Unique factorisation domain

Ring the­ory is the art of ex­tract­ing prop­er­ties from the in­te­gers and work­ing out how they in­ter­act with each other. From this point of view, a unique fac­tori­sa­tion do­main is a ring in which the in­te­gers’ Fun­da­men­tal The­o­rem of Arith­metic holds.

There have been var­i­ous in­cor­rect “proofs” of Fer­mat’s Last The­o­rem through­out the ages; it turns out that if we as­sume the false “fact” that all sub­rings of \(\mathbb{C}\) are unique fac­tori­sa­tion do­mains, then FLT is not par­tic­u­larly difficult to prove. This is an ex­am­ple of where ab­strac­tion re­ally is helpful: hav­ing a name for the con­cept of a UFD, and a few ex­am­ples, makes it clear that it is not a triv­ial prop­erty and that it does need to be checked when­ever we try and use it.

For­mal statement

Let \(R\) be an in­te­gral do­main. Then \(R\) is a unique fac­tori­sa­tion do­main if ev­ery nonzero non-unit el­e­ment of \(R\) may be ex­pressed as a product of ir­re­ducibles, and more­over this ex­pres­sion is unique up to re­order­ing and mul­ti­ply­ing by units.

Why ig­nore units?

We must set things up so that we don’t care about units in the fac­tori­sa­tions we dis­cover. In­deed, if \(u\) is a unit noteThat is, it has a mul­ti­plica­tive in­verse \(u^{-1}\)., then \(p \times q\) is always equal to \((p \times u) \times (q \times u^{-1})\), and this “looks like” a differ­ent fac­tori­sa­tion into ir­re­ducibles. ($p \times u$ is ir­re­ducible if \(p\) is ir­re­ducible and \(u\) is a unit.) The best we could pos­si­bly hope for is that the fac­tori­sa­tion would be unique if we ig­nored mul­ti­ply­ing by in­vert­ible el­e­ments, be­cause those we may always for­get about.


In \(\mathbb{Z}\), the units are pre­cisely \(1\) and \(-1\). We have that \(-10 = -1 \times 5 \times 2\) or \(-5 \times 2\) or \(5 \times -2\); we need these to be “the same” some­how.

The way we make them be “the same” is to in­sist that the \(5\) and \(-5\) are “the same” and the \(2\) and \(-2\) are “the same” (be­cause they only differ by mul­ti­pli­ca­tion of the unit \(-1\)), and to note that \(-1\) is not ir­re­ducible (be­cause ir­re­ducibles are speci­fi­cally defined to be non-unit) so \(-1 \times 5 \times 2\) is not ac­tu­ally a fac­tori­sa­tion into ir­re­ducibles.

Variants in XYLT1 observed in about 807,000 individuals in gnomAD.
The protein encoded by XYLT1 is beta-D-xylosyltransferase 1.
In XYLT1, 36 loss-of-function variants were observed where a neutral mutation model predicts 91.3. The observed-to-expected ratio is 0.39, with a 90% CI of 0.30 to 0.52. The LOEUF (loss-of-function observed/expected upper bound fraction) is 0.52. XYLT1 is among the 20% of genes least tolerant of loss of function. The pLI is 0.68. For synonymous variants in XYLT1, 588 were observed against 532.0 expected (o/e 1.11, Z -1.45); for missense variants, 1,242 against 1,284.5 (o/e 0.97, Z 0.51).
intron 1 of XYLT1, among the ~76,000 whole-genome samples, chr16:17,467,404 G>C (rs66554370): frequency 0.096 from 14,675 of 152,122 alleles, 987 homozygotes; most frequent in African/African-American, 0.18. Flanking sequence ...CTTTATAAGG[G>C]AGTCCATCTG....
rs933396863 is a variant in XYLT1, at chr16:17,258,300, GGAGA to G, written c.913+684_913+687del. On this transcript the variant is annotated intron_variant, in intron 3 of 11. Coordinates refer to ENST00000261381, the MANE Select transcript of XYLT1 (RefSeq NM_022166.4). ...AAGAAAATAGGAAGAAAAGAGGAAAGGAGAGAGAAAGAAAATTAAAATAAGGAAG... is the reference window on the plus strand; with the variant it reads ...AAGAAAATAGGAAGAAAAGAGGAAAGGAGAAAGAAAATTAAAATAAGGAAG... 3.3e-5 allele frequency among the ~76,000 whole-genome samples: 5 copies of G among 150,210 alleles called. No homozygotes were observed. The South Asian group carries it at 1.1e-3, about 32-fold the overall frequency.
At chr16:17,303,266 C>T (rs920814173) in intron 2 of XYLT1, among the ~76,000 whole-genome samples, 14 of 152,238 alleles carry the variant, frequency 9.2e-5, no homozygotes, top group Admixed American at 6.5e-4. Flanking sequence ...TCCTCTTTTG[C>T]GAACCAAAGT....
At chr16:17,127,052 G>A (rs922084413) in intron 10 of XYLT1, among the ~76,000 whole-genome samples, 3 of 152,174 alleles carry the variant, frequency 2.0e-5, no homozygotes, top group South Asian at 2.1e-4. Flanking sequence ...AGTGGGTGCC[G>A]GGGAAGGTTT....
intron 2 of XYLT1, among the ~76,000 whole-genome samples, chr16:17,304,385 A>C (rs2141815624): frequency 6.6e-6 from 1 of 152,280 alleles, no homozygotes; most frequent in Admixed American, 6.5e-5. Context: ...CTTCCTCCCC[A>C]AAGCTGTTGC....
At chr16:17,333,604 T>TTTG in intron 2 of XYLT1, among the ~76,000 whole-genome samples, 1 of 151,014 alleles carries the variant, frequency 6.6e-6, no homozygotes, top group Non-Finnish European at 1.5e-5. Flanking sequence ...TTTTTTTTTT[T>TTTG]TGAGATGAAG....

That way, \(-1 \times 5 \times 2\) is not a valid de­com­po­si­tion any­way, and \(-5 \times 2\) is just the same as \(5 \times -2\) be­cause each of the ir­re­ducibles is the same up to mul­ti­pli­ca­tion by units.


  • Every prin­ci­pal ideal do­main is a unique fac­tori­sa­tion do­main. (Proof.) This fact is not triv­ial! There­fore \(\mathbb{Z}\) is a UFD, though we can also prove this di­rectly; this is the Fun­da­men­tal The­o­rem of Arith­metic.

  • \(\mathbb{Z}[-\sqrt{3}]\) is not a UFD. In­deed, \(4 = 2 \times 2\) but also \((1+\sqrt{-3})(1-\sqrt{-3})\); these are both de­com­po­si­tions into ir­re­ducible el­e­ments. (See the page on ir­re­ducibles for a proof that \(2\) is ir­re­ducible; the same proof can be adapted to show that \(1 \pm \sqrt{-3}\) are both ir­re­ducible.)


  • If it is hard to test for unique­ness up to re­order­ing and mul­ti­ply­ing by units, there is an eas­ier but equiv­a­lent con­di­tion to check: an in­te­gral do­main is a unique fac­tori­sa­tion do­main if and only if ev­ery el­e­ment can be writ­ten (not nec­es­sar­ily uniquely) as a product of ir­re­ducibles, and all ir­re­ducibles are prime. (Proof.)